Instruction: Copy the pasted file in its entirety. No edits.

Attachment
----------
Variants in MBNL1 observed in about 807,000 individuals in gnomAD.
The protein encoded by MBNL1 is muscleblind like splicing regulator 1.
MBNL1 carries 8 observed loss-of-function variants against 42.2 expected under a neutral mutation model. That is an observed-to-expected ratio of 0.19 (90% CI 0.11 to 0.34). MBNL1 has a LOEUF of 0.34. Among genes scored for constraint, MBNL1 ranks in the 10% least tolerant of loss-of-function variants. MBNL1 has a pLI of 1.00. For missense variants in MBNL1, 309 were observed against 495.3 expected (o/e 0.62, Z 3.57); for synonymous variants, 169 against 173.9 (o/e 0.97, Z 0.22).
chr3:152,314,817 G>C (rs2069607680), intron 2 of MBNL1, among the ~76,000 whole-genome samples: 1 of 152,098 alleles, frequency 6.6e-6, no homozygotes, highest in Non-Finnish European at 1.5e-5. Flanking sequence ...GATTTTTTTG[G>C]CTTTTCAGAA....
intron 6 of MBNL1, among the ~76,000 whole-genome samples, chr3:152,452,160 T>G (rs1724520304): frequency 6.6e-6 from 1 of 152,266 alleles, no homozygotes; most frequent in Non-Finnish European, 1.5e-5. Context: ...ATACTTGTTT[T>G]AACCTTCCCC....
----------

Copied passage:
Variants in MBNL1 observed in about 807,000 individuals in gnomAD.
The protein encoded by MBNL1 is muscleblind like splicing regulator 1.
MBNL1 carries 8 observed loss-of-function variants against 42.2 expected under a neutral mutation model. That is an observed-to-expected ratio of 0.19 (90% CI 0.11 to 0.34). MBNL1 has a LOEUF of 0.34. Among genes scored for constraint, MBNL1 ranks in the 10% least tolerant of loss-of-function variants. MBNL1 has a pLI of 1.00. For missense variants in MBNL1, 309 were observed against 495.3 expected (o/e 0.62, Z 3.57); for synonymous variants, 169 against 173.9 (o/e 0.97, Z 0.22).
chr3:152,314,817 G>C (rs2069607680), intron 2 of MBNL1, among the ~76,000 whole-genome samples: 1 of 152,098 alleles, frequency 6.6e-6, no homozygotes, highest in Non-Finnish European at 1.5e-5. Flanking sequence ...GATTTTTTTG[G>C]CTTTTCAGAA....
intron 6 of MBNL1, among the ~76,000 whole-genome samples, chr3:152,452,160 T>G (rs1724520304): frequency 6.6e-6 from 1 of 152,266 alleles, no homozygotes; most frequent in Non-Finnish European, 1.5e-5. Context: ...ATACTTGTTT[T>G]AACCTTCCCC....